This film is modern in style and most of it's story, although it could be based on a twisted Homeric Odyssey. If you know nothing about the movie, you may want to skip this review if you plan on seeing the movie.
The film opens in a vivisection lab. Chimps are being studied, but a well equipped and well intentioned team is breaking into the lab to free these animals. Little do they know that this lab has been studying a gruesome (manufactured?) disease, known only as "rage". Highly infectious, the chimps pass the disease to their human rescue team.
Those infected with the rage appear to lose all of their human qualities. They can no longer communicate, nor do they recall any of their past. The infected resort to infecting others and travelling by foot in packs. Apparently the virus is so potent, that the hosts have no interest in their own surrvival, just the spread of the disease. It is also so well adapted to it's new human hosts that it can spread through blood contact and completely control the person with 20 to 30 seconds.
The movie does well in suspending belief. In spite of the fragile disease foundation, as a viewer, I was intrigued.
28 days after the break in, our protagonist wakes up from his coma. Jim is understandably confused and disoriented when he wakes up in the hospital. His journey is just beginning. He meets up with the first round of infected armies in a church. Beginning a protracted "chase" movie, the zombie like foes are always tracking the uninfected. Jim runs into two of the uninfected who spend a good deal of time bringing Jim (and most of the audience) up to speed with the story.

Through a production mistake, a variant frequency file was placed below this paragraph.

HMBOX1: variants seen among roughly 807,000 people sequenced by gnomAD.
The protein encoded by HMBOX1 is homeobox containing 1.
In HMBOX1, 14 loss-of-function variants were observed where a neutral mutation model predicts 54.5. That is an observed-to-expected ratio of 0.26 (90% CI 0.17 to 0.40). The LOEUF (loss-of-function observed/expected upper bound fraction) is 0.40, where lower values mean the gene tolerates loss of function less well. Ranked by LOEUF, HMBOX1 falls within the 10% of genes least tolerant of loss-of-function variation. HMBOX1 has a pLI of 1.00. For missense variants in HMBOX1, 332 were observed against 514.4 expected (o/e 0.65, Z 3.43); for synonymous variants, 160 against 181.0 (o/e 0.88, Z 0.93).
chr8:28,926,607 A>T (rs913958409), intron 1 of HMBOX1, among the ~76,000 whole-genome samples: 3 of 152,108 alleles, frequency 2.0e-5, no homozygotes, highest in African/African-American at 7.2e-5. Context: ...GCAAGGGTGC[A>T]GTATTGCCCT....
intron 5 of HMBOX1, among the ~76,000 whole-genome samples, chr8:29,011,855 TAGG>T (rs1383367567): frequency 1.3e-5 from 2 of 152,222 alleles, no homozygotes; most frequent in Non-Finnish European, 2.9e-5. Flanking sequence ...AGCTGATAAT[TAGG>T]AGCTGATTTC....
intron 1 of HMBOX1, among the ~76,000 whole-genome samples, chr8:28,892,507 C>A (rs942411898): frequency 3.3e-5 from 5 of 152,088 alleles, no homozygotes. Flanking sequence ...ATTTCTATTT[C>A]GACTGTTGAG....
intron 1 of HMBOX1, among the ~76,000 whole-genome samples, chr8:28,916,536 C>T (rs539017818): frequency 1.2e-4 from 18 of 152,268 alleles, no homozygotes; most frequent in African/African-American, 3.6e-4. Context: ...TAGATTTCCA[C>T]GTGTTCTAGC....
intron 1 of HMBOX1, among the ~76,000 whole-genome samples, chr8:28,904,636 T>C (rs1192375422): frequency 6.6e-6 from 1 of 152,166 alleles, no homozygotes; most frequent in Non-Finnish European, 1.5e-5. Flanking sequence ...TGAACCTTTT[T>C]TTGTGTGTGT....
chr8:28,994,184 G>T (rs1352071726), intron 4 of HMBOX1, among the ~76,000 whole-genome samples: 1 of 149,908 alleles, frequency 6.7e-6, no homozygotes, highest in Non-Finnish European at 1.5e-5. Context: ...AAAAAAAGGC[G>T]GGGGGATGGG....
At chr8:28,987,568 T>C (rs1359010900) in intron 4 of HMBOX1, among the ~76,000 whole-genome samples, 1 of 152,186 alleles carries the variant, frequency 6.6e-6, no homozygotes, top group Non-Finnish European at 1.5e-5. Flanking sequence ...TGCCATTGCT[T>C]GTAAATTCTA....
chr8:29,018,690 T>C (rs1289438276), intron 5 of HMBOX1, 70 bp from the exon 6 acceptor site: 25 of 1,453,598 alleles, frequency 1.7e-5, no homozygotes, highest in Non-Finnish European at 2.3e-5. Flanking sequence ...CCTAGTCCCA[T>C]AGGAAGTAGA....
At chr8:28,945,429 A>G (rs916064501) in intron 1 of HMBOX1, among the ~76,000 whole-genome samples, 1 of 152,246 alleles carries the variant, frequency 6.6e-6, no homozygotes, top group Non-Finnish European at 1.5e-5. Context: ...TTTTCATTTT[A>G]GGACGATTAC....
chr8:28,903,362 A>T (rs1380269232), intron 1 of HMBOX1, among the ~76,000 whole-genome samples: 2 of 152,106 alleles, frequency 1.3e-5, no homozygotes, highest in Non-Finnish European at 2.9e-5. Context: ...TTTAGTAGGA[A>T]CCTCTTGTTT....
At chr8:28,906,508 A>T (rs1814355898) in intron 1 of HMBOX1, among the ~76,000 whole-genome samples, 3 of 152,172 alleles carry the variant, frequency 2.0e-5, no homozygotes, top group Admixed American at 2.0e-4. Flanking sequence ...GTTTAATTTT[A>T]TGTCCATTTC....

Obviously, being only one of a theoretical handful of survivors brings its own tension. Jim is forced into trusting people he has never known and must also be able to turn on these same people if they become infected. As Jim's journey continues, he meets more of the infected and the uninfected and is forced into many decisions.
Thankfully, this movie relies on a couple of devices that keep the action going forward and not allowing the audience to think back about the plausability of what we have just seen. Like most good horror films, we don't examine the infected with the camera in long, scare-minimizing ways. They move quickly and the camera edits them in an out of the scene with short, distracted shots. Also, the infected are killable. They have no super power that stretches our belief. They do not get stronger or grow resistant to bullets. This keeps the threat real in the movie. Finally, with only 20 to 30 seconds before the virus consumes you, there are no infected traitors in the movie. It's just the rapid choices that have to be made between those with the rage and those uninfected. I appreciate these choices as it kept the movie on a quick pace and didn't allow me to question choices.
Part of the style of this movie is to show the isolation and emptiness that our protagonists must battle in addition to the groups of infected people. However, this isn't enough to carry the story and by the third act, we know that our group is going to survive. It is disappointing that the more logical conclusions could have played themselves out - on an island, there would likely be no survivors.
The cinematography is grainy and often over-exposed. Much of the movie is shot without stedi-cam and on digital video. The 'special effects' are both hyper-realistic and cartoonish. There are numerous scene edits and different camera angles that work in combination with the soundtrack to build the film's emotion. Props for using Godspeed You Black Emperor. "East Hastings" is a great tune for Jim's early, building disorientation in disserted London.
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